Saturday July 20, 2019 marks the 50th anniversary of the First Lunar Landing! To commemorate the occasion, we’re sharing stories from what our team remembers of the first lunar landing. Do you have a unique story to share? Tell us in the comments!
Where were you…
…on July 20, 1969, when American Astronaut Neil Armstrong took humanity’s first steps on the moon?
We asked this question of the McAuliffe-Shepard Discovery Center’s board and staff. Here are some of their recollections. We’ll add more as the 50th anniversary of the Apollo 11 moon landing approaches.
Board Member Bill Remick: On July 20th, 1969 I was in Jamaica, completing a two year project as an educational consultant to a consortium of several aluminum companies. The purpose was to work with a three-person committee to oversee the design, construction, staffing and opening of a pair of American-style schools. Ever since President Kennedy had announced a plan to have NASA put a man on the moon within 10 years, the whole island of Jamaica had been following the progress. Special interest was worldwide for two reasons: Kennedy was extremely popular and the Cold War was going on between Russia and the U.S. Thus this culmination of the Space Race created deep interest. Intense excitement was in the air as the Apollo 11 Mission took off safely, landed the lunar capsule on the Moon, headed back home and landed safely on Earth. What a tremendous victory for NASA and the U.S.!
Board Member Mike Cusack: I wasn’t alive at the time, but I remember learning in school what a significant achievement that was. To actually send someone from our planet to another is an amazing feat! I know that for me, that showed that with enough hard work, teamwork, and vision, anything can happen, including voyaging and landing on another planet!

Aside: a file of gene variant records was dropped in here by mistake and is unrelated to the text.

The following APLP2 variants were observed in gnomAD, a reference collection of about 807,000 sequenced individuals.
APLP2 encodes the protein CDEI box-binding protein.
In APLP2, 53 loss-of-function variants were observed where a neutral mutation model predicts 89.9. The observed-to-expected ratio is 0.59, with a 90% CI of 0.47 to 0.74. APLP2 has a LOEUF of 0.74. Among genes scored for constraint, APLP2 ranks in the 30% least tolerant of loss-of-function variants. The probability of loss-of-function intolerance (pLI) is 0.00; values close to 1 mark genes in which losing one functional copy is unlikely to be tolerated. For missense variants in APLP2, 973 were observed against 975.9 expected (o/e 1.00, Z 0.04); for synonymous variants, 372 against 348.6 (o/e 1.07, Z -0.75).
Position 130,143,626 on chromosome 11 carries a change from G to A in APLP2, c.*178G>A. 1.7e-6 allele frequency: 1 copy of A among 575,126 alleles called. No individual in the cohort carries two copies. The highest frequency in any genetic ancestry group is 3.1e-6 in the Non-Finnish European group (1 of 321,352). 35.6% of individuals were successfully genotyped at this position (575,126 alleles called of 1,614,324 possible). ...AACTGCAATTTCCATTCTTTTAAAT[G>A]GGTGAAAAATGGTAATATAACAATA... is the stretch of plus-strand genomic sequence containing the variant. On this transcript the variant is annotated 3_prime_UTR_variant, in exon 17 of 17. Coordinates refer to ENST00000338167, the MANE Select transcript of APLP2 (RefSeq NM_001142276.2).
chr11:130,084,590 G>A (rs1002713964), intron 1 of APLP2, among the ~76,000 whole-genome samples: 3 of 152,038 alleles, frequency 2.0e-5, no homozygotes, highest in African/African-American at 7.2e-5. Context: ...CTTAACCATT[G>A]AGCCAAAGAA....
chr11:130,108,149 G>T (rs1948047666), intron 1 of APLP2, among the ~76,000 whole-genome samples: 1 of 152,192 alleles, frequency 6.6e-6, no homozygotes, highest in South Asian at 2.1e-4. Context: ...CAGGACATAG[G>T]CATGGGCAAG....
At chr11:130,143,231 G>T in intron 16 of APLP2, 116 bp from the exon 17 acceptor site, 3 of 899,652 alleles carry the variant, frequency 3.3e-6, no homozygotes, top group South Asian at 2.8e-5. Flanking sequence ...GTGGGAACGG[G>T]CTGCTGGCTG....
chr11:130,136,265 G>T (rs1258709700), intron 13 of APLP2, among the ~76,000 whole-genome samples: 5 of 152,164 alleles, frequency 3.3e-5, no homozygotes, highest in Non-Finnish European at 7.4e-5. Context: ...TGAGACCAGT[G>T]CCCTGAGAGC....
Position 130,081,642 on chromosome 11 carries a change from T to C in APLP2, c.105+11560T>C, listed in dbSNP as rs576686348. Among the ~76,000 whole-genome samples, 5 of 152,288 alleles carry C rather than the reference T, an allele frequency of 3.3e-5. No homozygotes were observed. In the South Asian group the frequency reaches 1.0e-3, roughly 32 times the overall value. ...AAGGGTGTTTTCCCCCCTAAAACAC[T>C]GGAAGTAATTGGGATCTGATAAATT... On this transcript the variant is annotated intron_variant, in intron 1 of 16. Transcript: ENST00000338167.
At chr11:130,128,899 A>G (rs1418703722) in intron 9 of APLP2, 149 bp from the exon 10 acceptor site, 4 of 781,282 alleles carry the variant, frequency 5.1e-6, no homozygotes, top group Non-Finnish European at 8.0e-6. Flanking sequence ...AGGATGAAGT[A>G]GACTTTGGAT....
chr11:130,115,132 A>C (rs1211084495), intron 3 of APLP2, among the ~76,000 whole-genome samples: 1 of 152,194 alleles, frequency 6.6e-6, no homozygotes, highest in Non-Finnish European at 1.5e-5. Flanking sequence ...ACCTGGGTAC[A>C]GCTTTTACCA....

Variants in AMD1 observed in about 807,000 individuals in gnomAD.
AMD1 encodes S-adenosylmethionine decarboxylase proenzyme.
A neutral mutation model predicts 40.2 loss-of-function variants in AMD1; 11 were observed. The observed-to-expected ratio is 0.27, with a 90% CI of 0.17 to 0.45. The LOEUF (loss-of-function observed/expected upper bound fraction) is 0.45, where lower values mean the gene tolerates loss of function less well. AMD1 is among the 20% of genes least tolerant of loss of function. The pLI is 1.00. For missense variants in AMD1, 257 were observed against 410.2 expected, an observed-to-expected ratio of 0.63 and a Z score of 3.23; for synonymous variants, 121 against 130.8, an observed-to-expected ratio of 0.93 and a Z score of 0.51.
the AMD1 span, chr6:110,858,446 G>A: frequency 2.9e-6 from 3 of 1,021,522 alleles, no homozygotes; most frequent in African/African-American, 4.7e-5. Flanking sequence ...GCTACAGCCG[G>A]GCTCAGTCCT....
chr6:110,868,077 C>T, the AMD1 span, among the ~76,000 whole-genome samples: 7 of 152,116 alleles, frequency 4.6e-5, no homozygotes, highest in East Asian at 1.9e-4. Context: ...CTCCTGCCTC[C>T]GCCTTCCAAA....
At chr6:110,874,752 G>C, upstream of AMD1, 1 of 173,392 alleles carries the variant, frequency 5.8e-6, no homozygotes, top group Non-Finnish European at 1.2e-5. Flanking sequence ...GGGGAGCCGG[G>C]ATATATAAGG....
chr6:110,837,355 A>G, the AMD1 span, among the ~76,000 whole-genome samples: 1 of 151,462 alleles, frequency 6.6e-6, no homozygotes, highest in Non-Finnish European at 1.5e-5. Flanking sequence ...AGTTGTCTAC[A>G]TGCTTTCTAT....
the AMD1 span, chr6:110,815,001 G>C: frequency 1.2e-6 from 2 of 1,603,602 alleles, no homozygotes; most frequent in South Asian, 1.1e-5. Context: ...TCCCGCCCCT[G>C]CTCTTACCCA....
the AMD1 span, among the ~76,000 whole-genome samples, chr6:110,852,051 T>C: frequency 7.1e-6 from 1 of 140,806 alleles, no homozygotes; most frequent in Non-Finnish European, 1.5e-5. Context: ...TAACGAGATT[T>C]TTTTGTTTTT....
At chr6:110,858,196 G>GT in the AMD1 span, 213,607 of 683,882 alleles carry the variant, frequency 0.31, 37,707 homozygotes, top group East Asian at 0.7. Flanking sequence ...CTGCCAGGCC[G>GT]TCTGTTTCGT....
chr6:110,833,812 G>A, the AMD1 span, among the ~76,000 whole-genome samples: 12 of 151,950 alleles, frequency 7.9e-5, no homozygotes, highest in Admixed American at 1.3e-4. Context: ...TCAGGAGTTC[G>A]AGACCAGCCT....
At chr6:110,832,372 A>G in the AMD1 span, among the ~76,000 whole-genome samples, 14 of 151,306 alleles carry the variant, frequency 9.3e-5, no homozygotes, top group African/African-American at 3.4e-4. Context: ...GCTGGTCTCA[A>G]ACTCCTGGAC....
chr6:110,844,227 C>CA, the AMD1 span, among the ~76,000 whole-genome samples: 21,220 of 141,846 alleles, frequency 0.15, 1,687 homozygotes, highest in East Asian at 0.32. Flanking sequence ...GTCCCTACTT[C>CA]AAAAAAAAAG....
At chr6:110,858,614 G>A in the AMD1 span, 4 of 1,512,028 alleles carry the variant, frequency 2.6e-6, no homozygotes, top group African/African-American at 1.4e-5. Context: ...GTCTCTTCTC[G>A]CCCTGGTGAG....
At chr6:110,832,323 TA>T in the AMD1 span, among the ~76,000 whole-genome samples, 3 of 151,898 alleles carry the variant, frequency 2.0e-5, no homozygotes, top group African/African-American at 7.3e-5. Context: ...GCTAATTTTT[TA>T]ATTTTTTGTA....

Director of Development Trip Anderson: I remember the first moon landing and the buzz it fostered, but I was not an eyewitness to the live events or news stories. I was deep in the Canadian woods [Algonquin Provincial Park] taking kids on canoe trips and totally "off-the-grid" as it existed in those days - no TV, no radio, and no newspapers.
All my recollections are centered on what I learned upon returning home to the states (in Jamestown, NY) at the time, and at the start of my prep school academic year in New England. I do however recall seeing re-runs of Walter Cronkite's news reports and commentary from programs such as The Nightly News and The 20th (21st) Century TV documentaries. In my high school classes, there was certainly much discussion of the lunar landing, the Space Race, the Vietnam war, and other momentous world events of the time (and yes Woodstock too!) As I recall, 1969 was a very difficult and turbulent time to be a draft-eligible teenager.
Executive Director Jeanne Gerulskis: I had just finished up my first year of high school when my parents rented a cottage on the shore of Tucker Pond in Warner, NH. My mother, father, three sisters and I all gathered with our Tucker Pond neighbors in the dining room of Peggy and Captain Jack, the only people on our side of the pond with a TV. We crowded around the little black-and white television set, first gasping and then cheering together as Neil Armstrong stepped out from his capsule and said in his quiet way, “One small step for a man, one giant leap for mankind.”
Be sure to join us on Saturday, July 20th for a day of celebration and learning about the moon - past, present, and future- at the McAuliffe-Shepard Discovery Center!